Illusion in the Works of Great Writers Essay

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It is not all that unusual in a father-daughter dynamic to have sharp differences in how the daughter's life should be lived. But in this case, the father actually threatens his daughter with death, or with the punishment of being a virgin for her entire life.

So what does Hermia do in response to her father's demands? She leaves the court (reality) and runs into the woods (the mystical and illusionary, which has magic) where fairies interfere -- again, illusion trumps reality. Even Puck, noted for being a wicked person who deceives people and steals yeast before the beer can ferment, is changed in the woods. In the woods Puck becomes a messenger for Oberon (the fairy lord), doing exactly what the fairy wants, including spreading magic potions. Again, a character drenched in reality becomes involved in things that are illusion-based.

In Much Ado About Nothing Shakespeare creates characters that are involved in illusion of one kind or another. The characters Hero and Claudio are apparently created by Shakespeare to show that true love can be an illusion. The Bard of course knows that love is not always as it seems, and there are honesty issues that come between people who are in love or trying to sustain a love for each other. Benedick and Beatrice are actually in love but in the play they pretend to have animosity towards each other -- their version of illusion. They argue and seem hostile, but it is an illusion.

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Benedick and Beatrice are the subject of deceptions presented by Don Pedro, Claudio, Hero, Ursula and Leonato; these deceptions, illusions if you will, are conducted in order to bring Benedick and Beatrice back together -- when in fact they are together, but they use illusion to create the impression that they aren't. Tangled plot lines indeed -- only Shakespeare could create illusion-based dialogue as effective as this - are the meat and potatoes of this play.

Tennessee Williams and Illusion

Essay on Illusion in the Works of Great Writers Assignment

In A Streetcar Named Desire Blanche is a character that does not have a good grasp on reality but rather she is steeped in illusionary thoughts. At the beginning of the play she is clearly a little off, but by the conclusion of the play Blanche is totally engulfed in a world of fantasy (male callers are surely on their way, but they aren't).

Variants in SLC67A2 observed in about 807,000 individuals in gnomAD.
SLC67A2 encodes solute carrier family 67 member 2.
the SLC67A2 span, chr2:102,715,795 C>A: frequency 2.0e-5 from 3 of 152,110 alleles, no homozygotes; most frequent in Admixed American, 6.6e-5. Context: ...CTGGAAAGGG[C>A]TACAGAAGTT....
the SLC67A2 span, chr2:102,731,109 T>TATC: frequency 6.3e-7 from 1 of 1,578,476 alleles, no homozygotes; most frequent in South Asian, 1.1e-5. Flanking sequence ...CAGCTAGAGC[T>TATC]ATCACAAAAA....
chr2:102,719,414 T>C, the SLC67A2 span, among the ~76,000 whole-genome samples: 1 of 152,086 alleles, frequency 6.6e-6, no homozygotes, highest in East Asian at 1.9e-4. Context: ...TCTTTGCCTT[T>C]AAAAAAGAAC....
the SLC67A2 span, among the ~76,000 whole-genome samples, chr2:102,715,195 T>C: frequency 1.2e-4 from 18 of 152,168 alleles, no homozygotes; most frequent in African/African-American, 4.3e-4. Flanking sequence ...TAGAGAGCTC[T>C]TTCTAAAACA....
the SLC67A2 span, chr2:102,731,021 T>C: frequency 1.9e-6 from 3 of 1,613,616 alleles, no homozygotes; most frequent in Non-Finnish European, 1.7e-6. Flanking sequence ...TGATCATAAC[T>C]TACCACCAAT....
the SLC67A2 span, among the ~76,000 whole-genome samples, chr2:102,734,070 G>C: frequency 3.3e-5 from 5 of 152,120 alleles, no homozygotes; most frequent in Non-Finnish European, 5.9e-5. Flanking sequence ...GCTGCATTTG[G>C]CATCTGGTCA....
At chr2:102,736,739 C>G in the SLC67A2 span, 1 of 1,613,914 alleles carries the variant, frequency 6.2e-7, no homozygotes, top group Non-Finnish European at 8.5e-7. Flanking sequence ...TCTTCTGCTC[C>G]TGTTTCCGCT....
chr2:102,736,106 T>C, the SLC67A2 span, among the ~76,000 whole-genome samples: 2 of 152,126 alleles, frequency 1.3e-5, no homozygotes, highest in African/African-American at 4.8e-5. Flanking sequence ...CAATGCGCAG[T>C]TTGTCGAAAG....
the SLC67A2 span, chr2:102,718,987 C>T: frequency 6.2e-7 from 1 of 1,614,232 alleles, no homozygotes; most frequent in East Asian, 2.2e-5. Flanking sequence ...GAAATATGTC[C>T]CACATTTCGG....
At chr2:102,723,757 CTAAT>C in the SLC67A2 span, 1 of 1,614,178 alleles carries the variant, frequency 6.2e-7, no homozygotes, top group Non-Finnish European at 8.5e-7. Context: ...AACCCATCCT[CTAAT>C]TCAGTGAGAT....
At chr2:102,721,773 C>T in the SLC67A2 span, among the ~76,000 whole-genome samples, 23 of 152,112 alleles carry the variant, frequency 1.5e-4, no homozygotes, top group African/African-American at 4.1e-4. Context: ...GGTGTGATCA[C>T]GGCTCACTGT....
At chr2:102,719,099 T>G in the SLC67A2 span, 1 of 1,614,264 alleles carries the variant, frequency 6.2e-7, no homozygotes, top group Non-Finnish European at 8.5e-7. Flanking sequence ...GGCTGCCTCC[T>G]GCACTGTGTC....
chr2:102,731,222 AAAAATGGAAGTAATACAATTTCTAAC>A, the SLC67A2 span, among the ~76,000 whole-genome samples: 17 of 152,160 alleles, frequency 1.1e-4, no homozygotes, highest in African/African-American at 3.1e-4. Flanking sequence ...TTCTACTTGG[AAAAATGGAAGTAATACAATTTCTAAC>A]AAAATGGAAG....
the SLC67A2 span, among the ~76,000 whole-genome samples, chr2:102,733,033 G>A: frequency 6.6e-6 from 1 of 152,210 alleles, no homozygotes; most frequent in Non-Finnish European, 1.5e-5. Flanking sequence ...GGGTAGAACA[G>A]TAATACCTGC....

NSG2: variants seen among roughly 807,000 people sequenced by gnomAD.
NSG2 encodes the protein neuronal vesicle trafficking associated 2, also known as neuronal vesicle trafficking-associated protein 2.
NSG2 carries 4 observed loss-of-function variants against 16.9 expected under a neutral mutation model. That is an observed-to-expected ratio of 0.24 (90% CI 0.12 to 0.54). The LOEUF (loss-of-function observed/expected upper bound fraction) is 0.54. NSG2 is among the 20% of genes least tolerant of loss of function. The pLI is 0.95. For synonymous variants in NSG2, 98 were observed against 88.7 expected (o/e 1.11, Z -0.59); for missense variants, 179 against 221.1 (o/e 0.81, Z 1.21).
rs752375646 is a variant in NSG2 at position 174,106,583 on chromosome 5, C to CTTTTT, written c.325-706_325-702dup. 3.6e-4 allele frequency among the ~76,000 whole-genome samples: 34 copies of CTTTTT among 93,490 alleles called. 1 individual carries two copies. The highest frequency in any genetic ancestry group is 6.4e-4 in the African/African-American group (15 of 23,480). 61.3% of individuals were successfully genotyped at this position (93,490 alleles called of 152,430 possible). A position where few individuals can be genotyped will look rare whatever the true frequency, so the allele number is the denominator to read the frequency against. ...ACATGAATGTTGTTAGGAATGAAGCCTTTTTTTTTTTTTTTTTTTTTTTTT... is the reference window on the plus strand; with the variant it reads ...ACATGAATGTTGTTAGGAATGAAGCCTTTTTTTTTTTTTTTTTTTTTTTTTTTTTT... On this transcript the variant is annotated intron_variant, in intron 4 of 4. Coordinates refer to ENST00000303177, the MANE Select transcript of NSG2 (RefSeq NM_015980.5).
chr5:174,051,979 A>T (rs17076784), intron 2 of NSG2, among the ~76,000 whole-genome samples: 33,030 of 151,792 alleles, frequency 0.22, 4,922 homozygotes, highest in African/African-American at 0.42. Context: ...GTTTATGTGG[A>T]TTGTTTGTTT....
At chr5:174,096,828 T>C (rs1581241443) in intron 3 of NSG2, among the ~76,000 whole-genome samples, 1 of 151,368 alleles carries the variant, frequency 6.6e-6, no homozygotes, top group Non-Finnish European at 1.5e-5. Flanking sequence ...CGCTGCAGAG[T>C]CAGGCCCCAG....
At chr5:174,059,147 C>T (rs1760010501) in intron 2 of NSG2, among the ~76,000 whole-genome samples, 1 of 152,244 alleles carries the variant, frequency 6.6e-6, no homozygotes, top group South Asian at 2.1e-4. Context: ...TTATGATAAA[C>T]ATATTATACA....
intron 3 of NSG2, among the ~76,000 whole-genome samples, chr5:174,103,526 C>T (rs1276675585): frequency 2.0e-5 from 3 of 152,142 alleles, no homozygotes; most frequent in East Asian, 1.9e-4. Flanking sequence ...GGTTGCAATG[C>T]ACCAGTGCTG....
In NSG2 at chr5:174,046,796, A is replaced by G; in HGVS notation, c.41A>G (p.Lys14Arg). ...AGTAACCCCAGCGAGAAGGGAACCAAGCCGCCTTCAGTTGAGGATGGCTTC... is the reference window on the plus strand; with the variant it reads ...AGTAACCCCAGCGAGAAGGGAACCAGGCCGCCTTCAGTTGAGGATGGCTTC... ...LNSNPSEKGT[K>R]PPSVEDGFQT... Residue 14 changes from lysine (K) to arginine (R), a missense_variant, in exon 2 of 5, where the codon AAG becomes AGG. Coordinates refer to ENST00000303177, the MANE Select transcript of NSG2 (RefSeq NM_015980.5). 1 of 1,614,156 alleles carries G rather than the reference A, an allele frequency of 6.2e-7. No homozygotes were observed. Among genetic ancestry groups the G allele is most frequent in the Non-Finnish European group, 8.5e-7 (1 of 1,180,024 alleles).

And in one of the most famous of Williams' plays, The Glass Menagerie, the character Laura is fascinated with her glass menagerie to the point of living in a cloud of fantasy. When one of the little glass items (a unicorn) is broken, Laura says it "doesn't matter" because she will just "…imagine he had an operation" and the horn was "removed to make him feel less freakish!" (Williams).

Laura isn't the only one in this family to live in a fantasy world, a world of illusion. Tom, Laura's brother and the family's breadwinner, escapes nightly to the movie houses. He finds an escape there from his family and from the boring job he has. The juxtaposition between the family's friend Jim is Williams' way of contrasting reality with illusion. Jim is realistic and objectively sees the family as a group that is living in an unreal world. He sees Laura for what she really is -- a shy, frail personality totally out of touch with reality. He tries to help pull Laura out of her illusionary lifestyle but it isn't very effective.

In conclusion, playwrights' Tennessee Williams, Sophocles, and Shakespeare, are known for wildly different genres, and it is understandable given their different lives in different periods of history. But all three capitalized on the use of illusion; all three found this literary style to be effective, and readers and play-goers through the years have benefitted greatly from the reality-versus-illusion themes in their plays.

Works Cited

Bloom, Harold. Oedipus Rex -- Sophocles. New York: Infobase Publishing, 2009.

Poe, Joe Park. Heroism and Divine Justice in Sophocles' Philoctetes. Leiden, Holland:

BRILL Publishers. 1974.

Ringer, Mark. Electra and the Empty Urn: Metatheater and Role Playing… [END OF PREVIEW] . . . READ MORE

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How to Cite "Illusion in the Works of Great Writers" Essay in a Bibliography:

APA Style

Illusion in the Works of Great Writers.  (2014, June 26).  Retrieved September 28, 2020, from

MLA Format

"Illusion in the Works of Great Writers."  26 June 2014.  Web.  28 September 2020. <>.

Chicago Style

"Illusion in the Works of Great Writers."  June 26, 2014.  Accessed September 28, 2020.